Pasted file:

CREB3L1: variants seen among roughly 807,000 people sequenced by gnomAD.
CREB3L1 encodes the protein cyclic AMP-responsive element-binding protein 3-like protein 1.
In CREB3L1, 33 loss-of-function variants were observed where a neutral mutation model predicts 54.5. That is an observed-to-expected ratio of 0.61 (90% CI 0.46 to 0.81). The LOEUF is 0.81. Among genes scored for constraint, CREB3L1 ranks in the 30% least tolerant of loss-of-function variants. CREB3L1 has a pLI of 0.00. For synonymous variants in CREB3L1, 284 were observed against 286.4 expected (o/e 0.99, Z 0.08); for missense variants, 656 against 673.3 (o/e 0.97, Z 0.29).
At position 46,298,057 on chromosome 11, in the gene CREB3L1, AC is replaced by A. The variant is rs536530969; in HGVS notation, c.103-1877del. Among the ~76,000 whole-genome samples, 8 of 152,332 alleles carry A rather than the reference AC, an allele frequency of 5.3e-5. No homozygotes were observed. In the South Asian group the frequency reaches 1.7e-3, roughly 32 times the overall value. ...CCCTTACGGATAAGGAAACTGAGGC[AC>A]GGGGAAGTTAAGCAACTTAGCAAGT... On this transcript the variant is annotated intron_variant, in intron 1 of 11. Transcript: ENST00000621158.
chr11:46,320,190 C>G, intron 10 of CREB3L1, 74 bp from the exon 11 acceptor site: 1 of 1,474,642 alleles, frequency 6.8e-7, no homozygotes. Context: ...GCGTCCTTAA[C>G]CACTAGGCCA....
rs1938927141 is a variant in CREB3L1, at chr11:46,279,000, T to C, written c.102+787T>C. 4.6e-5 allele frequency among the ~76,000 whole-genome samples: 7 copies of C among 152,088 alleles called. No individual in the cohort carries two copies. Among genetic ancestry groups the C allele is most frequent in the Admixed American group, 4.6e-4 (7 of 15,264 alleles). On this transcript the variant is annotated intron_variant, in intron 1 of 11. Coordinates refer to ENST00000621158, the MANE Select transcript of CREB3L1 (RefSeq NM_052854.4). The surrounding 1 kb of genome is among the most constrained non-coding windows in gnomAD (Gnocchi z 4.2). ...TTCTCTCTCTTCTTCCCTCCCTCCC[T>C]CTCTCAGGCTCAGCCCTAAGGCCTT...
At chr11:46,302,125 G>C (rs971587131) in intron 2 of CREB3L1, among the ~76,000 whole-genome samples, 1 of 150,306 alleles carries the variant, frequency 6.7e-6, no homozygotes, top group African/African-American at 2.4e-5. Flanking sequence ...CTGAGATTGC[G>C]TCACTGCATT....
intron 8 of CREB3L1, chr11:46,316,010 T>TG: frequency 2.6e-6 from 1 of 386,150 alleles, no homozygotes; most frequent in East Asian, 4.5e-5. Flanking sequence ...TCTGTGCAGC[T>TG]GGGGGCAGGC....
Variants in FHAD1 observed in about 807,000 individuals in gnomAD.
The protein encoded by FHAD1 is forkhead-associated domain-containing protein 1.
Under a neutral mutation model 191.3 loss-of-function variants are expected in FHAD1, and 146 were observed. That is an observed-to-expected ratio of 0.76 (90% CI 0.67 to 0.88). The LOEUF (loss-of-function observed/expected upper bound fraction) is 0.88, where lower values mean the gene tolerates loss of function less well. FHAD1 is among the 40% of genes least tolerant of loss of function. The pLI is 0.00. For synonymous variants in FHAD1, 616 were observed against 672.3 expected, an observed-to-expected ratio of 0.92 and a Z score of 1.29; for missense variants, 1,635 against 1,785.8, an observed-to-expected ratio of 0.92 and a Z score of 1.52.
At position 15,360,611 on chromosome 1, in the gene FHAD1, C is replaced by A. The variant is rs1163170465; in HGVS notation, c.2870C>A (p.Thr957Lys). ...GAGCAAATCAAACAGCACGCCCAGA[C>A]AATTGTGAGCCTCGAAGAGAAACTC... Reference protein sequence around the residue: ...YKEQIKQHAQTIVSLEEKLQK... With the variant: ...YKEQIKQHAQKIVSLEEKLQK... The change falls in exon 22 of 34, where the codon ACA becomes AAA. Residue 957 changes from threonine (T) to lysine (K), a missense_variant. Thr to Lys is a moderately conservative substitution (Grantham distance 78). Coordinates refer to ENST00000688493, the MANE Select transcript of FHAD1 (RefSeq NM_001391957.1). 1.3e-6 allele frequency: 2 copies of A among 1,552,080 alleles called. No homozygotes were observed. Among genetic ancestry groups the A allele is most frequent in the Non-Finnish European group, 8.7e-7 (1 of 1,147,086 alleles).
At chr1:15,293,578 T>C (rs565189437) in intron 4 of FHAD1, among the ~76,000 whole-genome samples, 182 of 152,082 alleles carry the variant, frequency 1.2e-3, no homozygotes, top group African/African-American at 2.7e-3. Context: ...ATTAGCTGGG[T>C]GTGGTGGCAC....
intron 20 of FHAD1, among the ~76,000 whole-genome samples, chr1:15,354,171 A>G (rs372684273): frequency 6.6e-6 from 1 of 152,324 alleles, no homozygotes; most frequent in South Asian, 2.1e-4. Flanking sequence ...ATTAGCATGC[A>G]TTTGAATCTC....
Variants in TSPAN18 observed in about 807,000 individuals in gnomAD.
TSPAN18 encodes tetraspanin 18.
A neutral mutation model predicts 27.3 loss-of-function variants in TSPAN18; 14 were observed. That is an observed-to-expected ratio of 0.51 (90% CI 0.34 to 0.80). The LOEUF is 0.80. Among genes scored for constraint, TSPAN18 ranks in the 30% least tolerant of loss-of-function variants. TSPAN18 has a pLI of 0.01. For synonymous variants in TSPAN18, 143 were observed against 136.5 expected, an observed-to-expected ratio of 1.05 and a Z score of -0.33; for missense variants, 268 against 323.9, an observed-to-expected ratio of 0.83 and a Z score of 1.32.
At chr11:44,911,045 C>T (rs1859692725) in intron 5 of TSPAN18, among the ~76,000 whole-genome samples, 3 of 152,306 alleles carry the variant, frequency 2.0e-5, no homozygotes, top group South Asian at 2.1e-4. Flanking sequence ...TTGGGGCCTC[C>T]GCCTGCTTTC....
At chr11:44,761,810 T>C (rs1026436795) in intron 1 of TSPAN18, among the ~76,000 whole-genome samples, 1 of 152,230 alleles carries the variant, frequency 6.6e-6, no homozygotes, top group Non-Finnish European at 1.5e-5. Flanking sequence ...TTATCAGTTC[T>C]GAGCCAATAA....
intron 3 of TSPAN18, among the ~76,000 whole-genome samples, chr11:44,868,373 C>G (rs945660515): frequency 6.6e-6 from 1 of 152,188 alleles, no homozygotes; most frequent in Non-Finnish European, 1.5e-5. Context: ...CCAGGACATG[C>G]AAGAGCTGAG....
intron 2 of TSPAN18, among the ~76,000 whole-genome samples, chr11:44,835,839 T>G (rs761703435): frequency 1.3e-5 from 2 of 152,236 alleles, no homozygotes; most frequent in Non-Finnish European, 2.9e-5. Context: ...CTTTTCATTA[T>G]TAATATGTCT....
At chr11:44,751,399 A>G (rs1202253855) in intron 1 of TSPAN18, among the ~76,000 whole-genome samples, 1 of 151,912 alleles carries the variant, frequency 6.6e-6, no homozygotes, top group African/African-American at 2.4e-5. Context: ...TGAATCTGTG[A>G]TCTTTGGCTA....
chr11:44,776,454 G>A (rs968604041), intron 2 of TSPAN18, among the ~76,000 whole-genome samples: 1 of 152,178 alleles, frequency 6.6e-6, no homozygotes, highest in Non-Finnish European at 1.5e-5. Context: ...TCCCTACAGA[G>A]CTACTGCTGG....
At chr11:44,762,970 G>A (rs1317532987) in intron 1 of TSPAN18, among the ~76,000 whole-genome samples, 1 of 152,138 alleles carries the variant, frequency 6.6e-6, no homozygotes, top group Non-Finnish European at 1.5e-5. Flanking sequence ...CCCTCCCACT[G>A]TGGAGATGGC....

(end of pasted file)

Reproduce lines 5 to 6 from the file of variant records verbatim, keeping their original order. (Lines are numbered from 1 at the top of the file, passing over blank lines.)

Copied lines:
chr11:46,320,190 C>G, intron 10 of CREB3L1, 74 bp from the exon 11 acceptor site: 1 of 1,474,642 alleles, frequency 6.8e-7, no homozygotes. Context: ...GCGTCCTTAA[C>G]CACTAGGCCA....
rs1938927141 is a variant in CREB3L1, at chr11:46,279,000, T to C, written c.102+787T>C. 4.6e-5 allele frequency among the ~76,000 whole-genome samples: 7 copies of C among 152,088 alleles called. No individual in the cohort carries two copies. Among genetic ancestry groups the C allele is most frequent in the Admixed American group, 4.6e-4 (7 of 15,264 alleles). On this transcript the variant is annotated intron_variant, in intron 1 of 11. Coordinates refer to ENST00000621158, the MANE Select transcript of CREB3L1 (RefSeq NM_052854.4). The surrounding 1 kb of genome is among the most constrained non-coding windows in gnomAD (Gnocchi z 4.2). ...TTCTCTCTCTTCTTCCCTCCCTCCC[T>C]CTCTCAGGCTCAGCCCTAAGGCCTT...